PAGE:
For the first time in 30 years we passed on-time, balanced budgets three years in a row. That led two credit agencies to raise the state’s credit rating—saving tens of millions of dollars per year in interest payments that can certainly be put to better use.

T: You mentioned Education as one of California’s most important priorities. How did education fare in 2013?

P: This year, we were able to increase our investment in K-12 education by an additional $2.1 billion.

We also passed a comprehensive reform to our school funding formula to put more money in the districts that need it most—districts with a high percentage of low income students, or a large number of English learning students.

We invested $125 million more in the California State University system, $125 million more in the University of California, and $300 million more in community colleges.

We also made targeted investments to reduce California’s worst-in-the-nation child poverty rate because we know that we need to reach kids and have an impact at an early age to give them the best possible start in their education.

T: For two years you worked to pass the Middle Class Scholarship, which was finally approved this year. Why was that such a priority for you?

P: California universities have seen historically high fee hikes over the past 10 years, with tuition rates increasing by over 190 percent at UC and by about 145 percent at CSU. Financial aid programs have mitigated the impact of the fee increases on lower income and needy students, and we know there are many Californians who are fortunate enough to be able to pay for higher education completely out of pocket. But middle-income students have been left having to pay thousands of dollars more each year.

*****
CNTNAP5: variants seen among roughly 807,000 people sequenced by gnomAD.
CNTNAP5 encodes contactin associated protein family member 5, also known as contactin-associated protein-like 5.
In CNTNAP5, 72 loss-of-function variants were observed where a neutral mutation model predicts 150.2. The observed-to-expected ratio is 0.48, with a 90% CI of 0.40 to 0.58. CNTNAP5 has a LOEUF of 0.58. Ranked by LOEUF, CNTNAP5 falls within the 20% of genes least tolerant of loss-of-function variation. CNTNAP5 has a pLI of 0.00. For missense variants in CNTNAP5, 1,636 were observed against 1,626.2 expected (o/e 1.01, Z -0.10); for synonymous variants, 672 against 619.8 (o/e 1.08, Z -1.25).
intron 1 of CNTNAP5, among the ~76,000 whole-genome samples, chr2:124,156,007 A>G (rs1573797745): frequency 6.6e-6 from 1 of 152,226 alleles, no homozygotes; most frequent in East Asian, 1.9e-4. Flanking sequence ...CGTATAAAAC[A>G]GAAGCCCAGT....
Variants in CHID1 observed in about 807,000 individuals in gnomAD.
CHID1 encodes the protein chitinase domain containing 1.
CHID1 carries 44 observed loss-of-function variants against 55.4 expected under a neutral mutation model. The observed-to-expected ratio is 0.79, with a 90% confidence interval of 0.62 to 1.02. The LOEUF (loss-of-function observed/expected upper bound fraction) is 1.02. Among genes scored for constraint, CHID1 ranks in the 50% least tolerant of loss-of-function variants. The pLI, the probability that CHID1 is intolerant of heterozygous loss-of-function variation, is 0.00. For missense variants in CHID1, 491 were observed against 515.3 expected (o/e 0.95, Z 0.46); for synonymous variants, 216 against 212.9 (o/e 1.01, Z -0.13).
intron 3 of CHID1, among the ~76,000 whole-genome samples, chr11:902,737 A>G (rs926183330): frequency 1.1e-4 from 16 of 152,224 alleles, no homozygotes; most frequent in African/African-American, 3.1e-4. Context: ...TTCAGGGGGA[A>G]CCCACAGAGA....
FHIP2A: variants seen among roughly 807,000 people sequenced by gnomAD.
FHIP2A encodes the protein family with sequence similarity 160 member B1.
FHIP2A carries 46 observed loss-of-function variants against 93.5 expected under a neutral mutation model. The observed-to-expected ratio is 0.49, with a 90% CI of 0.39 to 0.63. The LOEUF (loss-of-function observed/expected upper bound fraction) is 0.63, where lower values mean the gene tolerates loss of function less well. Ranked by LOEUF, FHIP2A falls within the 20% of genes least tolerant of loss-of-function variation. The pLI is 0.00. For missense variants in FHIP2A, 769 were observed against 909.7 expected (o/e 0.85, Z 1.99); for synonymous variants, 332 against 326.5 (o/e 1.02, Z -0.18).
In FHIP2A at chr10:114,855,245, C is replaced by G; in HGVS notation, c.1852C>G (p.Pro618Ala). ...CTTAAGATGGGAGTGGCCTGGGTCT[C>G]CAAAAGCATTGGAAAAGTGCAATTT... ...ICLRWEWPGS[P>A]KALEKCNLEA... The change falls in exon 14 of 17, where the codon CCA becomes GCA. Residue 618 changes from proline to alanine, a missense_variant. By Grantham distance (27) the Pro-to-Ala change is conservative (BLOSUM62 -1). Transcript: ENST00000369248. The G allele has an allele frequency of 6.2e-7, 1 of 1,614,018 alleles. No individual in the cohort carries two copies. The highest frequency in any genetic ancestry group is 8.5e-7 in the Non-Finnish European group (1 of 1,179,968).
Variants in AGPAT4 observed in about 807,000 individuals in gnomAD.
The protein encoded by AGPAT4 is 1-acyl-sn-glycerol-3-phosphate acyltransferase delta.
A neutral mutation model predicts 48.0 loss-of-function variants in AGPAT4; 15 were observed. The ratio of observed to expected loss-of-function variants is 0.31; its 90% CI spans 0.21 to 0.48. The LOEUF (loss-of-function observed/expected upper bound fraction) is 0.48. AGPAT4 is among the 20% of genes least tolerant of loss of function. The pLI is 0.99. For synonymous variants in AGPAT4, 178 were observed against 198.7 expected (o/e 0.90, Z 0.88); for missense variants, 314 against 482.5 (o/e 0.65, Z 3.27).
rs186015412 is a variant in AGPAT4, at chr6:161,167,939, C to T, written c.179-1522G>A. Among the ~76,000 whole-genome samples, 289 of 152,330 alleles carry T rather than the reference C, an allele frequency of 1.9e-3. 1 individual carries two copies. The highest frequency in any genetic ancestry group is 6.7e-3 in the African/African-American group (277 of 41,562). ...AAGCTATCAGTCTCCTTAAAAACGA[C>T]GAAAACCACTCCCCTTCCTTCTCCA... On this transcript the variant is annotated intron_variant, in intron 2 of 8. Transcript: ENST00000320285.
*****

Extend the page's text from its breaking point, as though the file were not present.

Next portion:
These fee increases have essentially become a massive middle class tax increase. By paying the increased fees, middle class families have much less to meet their other needs and less money is recycled into local economies. Most middle-income families turn to increased use of student loans to cover the fee hikes. These loans leave students further in debt, which financially strangles students upon graduation as they send large portions of their earnings to out of state banks instead of spending funds locally on things like buying a house.

Worst of all, some students simply find the fees too high and give up on the promise of higher education. That’s unacceptable. Turning students away from higher education is about the most damaging thing California can do to harm the long-term health of our economy.

I have to say the two years I spent working with students and families from around the state on the Middle Class Scholarship is one of the highlights of my time in the Assembly. It was inspiring to see the passion so many students bring to the issues of college access and affordability.

T: What does the Middle Class Scholarship do?